Language of Origin

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1422, from L. cohortem, acc. of cohors "enclosure," meaning extended to "infantry company" in Roman army (a tenth part of a legion) through notion of "enclosed group, retinue," from com- "with" + hortus "garden." Sense of "accomplice" is first recorded 1952, Amer.Eng. ///


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Cohort \Co"hort\, n. [L. cohors, prop. an inclosure: cf. F.
cohorte. See {Court}, n.]
1. (Rom. Antiq.) A body of about five or six hundred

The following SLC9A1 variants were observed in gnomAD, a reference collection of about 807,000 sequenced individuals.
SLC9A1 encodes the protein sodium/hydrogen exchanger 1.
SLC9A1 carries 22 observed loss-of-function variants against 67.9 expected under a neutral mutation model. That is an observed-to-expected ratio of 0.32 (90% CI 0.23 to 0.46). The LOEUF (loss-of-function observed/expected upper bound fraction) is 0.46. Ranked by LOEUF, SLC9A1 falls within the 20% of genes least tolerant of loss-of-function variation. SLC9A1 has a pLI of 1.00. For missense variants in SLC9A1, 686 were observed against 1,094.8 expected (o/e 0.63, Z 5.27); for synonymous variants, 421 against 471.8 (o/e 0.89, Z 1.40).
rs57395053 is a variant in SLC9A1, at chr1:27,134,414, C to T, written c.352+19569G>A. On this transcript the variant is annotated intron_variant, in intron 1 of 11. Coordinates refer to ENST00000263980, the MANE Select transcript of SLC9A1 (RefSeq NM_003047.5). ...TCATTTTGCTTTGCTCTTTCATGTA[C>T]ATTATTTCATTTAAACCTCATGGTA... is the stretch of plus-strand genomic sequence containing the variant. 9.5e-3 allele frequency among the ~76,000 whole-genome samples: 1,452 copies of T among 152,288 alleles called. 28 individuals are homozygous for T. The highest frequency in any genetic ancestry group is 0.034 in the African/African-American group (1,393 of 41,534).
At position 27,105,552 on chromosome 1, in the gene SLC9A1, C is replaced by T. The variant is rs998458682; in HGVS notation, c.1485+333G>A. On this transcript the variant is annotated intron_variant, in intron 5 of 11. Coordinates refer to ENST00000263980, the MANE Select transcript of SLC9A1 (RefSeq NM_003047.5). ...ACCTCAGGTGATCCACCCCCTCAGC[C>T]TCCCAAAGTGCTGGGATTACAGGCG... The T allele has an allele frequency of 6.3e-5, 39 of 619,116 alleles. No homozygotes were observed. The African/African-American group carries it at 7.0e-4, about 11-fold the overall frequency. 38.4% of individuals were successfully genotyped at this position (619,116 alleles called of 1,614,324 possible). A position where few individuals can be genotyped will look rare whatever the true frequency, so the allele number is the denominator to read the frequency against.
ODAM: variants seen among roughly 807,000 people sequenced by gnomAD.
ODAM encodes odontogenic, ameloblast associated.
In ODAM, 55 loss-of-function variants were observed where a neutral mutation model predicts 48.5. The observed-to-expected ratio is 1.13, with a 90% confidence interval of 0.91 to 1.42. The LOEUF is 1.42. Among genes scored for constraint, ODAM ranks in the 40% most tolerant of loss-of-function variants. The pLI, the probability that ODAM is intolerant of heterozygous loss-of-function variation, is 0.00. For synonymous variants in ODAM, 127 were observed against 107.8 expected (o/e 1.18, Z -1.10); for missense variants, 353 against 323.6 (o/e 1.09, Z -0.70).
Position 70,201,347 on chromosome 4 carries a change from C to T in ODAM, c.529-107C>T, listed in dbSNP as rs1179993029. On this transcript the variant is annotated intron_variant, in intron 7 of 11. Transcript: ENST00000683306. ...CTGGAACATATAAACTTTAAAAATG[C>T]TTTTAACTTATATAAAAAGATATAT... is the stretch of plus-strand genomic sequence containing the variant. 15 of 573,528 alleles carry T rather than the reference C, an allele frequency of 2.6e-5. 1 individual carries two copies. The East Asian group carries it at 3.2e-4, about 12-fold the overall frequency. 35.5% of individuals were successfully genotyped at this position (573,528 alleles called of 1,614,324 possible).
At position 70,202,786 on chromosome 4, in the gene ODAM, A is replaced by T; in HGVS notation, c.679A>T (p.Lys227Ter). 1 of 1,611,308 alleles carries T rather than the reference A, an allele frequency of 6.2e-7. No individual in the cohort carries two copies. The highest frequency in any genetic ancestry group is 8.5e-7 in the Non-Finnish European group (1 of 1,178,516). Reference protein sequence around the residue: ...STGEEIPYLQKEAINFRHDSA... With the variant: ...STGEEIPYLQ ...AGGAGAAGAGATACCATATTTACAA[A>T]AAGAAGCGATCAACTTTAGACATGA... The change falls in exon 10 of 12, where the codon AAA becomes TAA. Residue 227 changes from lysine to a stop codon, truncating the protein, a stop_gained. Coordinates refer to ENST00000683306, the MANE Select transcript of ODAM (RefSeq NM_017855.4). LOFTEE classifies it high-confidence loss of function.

soldiers; the tenth part of a legion.
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2. Any band or body of warriors.
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With him the cohort bright
Of watchful cherubim. --Milton.
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3. (Bot.) A natural group of orders of plants, less
comprehensive than a class.
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